As it turns out Narita has something worth seeing that be done in such a short time. There is the Naritasan temple. The official name is Naritasan Kongo-o-in Shinshuji temple and it was founded way back in the year 940 by Shingon Buddhists. Well more a precinct of temples and halls set in picturesque park area. These include a three-storied pagoda, the 58 metre high Great Pagoda of Peace and many others.

There were all sorts of spiritual rituals going on around me and I had no idea what it was all about. Everything in the reception buildings was in Japanese.

Great Pagoda of Peace

The old road that leads from the station to the temple is itself pat of the old world experience with many shops and restaurants in building that would once have been typical in all Japanese cities.

Much better than staying in an airport this was a great first experience of Japan. Although I had heard it many times I was still amazed how clean the streets are. Not one spot of litter.

Another thing I had heard, and read, was that they drive on the right side of the road. ‘Right’ as in correct. Yes; they drive on the left just as in the UK. Now I have seen it with my own eyes.


Meanwhile Back in Korea

That little Japan experience is now three days behind me and despite the jetlag and lack of sleep catching up with me I am settling back into the Korea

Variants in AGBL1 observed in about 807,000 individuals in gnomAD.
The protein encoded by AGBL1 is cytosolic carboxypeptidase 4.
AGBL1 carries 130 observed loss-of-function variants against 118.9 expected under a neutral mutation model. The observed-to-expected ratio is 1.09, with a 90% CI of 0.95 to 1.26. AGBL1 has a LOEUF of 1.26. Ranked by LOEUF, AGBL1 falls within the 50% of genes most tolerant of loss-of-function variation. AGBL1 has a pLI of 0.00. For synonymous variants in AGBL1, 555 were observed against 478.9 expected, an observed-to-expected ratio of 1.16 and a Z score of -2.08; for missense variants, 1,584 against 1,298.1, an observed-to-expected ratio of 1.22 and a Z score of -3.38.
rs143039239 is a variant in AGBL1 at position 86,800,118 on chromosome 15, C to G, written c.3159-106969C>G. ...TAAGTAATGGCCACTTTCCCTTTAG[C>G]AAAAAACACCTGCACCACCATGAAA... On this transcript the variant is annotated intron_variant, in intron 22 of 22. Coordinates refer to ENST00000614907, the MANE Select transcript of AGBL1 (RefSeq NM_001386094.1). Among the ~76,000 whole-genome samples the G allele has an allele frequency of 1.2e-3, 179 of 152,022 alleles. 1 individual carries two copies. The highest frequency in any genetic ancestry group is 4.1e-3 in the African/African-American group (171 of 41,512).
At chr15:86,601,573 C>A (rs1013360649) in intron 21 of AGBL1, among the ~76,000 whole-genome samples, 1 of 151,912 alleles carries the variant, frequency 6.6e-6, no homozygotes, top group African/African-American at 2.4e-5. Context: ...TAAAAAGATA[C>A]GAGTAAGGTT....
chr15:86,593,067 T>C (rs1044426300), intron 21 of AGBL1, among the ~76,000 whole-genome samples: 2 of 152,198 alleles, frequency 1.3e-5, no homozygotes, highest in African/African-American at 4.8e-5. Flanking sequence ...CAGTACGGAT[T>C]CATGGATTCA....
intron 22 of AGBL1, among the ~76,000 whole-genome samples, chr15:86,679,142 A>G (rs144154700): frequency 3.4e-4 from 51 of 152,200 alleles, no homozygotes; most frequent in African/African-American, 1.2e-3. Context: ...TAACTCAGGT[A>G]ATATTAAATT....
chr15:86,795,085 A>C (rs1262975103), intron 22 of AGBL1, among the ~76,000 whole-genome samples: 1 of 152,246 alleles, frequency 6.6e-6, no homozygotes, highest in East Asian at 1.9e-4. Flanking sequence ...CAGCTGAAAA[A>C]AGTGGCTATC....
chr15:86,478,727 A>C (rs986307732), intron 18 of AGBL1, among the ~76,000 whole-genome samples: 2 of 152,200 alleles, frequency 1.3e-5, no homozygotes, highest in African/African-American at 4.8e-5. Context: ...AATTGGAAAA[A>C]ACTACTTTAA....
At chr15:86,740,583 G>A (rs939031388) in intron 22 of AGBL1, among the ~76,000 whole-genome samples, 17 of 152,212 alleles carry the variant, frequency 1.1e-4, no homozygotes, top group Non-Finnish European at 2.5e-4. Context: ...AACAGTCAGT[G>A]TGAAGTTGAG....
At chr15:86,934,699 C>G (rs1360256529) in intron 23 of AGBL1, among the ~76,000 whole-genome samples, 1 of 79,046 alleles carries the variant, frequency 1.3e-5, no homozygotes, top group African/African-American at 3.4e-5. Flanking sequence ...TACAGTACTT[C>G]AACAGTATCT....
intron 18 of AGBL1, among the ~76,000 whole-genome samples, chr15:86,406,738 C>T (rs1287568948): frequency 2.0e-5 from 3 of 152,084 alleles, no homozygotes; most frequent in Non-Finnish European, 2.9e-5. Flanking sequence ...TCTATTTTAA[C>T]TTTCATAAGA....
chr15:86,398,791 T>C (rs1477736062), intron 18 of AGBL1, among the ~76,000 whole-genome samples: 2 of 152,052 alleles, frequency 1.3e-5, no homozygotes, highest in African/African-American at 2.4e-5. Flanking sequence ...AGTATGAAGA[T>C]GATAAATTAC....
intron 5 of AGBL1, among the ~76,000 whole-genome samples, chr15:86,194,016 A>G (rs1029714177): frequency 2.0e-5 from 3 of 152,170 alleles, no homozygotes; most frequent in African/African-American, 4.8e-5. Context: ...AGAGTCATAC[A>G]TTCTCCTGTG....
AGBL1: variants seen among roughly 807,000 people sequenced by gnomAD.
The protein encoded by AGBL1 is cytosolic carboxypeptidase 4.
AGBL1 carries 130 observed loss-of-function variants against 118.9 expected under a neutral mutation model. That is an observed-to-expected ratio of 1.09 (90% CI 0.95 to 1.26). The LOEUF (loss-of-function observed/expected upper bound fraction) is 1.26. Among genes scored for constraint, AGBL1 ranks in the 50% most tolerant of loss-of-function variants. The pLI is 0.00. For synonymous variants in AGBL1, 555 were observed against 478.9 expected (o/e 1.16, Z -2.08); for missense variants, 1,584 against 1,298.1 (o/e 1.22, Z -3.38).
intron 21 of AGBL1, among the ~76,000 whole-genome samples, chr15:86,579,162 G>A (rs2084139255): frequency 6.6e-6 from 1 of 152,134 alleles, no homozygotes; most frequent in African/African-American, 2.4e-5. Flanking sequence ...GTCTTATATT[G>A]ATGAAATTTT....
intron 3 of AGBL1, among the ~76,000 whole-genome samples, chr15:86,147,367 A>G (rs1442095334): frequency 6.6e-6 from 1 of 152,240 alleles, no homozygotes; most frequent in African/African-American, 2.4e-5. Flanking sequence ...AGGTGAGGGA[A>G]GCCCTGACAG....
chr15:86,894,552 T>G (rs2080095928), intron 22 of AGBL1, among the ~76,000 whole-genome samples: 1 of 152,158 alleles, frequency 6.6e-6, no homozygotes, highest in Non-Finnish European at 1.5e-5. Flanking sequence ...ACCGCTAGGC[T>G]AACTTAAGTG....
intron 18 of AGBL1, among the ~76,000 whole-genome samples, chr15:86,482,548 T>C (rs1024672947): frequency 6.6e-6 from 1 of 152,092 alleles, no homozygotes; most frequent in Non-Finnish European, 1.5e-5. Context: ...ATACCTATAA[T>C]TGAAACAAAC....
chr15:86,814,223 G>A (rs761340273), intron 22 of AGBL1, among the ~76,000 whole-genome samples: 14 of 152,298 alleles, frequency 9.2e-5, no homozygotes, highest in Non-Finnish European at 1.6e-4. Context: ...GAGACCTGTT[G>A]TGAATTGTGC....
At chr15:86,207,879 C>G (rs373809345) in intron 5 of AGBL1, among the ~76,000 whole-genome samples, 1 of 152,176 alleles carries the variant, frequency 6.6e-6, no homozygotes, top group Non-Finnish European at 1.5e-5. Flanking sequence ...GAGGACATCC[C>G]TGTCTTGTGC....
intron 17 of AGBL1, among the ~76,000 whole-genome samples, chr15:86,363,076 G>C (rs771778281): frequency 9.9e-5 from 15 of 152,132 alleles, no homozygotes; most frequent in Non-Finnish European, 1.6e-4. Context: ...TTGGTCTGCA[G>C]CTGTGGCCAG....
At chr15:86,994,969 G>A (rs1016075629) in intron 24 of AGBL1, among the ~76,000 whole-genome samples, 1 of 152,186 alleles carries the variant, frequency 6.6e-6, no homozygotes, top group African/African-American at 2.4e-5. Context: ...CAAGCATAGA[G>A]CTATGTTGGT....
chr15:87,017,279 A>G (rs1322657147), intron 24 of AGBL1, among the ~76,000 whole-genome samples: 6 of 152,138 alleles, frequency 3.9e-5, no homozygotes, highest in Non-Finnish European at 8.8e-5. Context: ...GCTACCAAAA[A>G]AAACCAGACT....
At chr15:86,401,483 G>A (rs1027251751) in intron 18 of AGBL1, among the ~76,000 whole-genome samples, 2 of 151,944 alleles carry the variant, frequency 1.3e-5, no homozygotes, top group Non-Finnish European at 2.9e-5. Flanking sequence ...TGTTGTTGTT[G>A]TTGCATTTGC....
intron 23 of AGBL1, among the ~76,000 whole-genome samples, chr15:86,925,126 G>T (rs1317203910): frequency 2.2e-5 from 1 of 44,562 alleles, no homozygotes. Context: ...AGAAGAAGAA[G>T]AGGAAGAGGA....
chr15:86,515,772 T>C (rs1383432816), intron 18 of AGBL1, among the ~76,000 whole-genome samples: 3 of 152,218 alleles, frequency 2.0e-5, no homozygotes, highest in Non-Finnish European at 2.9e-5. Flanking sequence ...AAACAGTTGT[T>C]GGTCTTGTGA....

I had forgotten how hot & spicy the food is here. Even many of the cold dishes that could be part of a salad are red hot. After a couple of days though the body adjusts.

The weather is not hot though. Colder than the last visit. That does not stop the Koreans at the shipyard having an ice cream after dinner. The shop below the canteen does a great trade in a wide variety of frozen treats.

Maybe that has something to do with the spicy food. Maybe I should join them.

Peace and Hostilities

Meanwhile the eyes of the world will be on South Korea. The winter Olympics is due to start in a week. Not that I will see any of it as I will be working.

There appears to be a big love-in with North and South Korea fielding a joint “team”. But what after? What are the chances of hostilities resuming once the games are over? Watch this space…

Bad Luck or Just Bad Management?

Following on from the previous post here is a slightly closer look at the Carillion debacle.

Barely into the new year and the news broke that a large company handling many multi-million-pound government contracts had gone bust. That company is (or was) Carillion and included in their remit were several large hospital and school construction projects.

Everyone has a Carillion Story… Don’t They?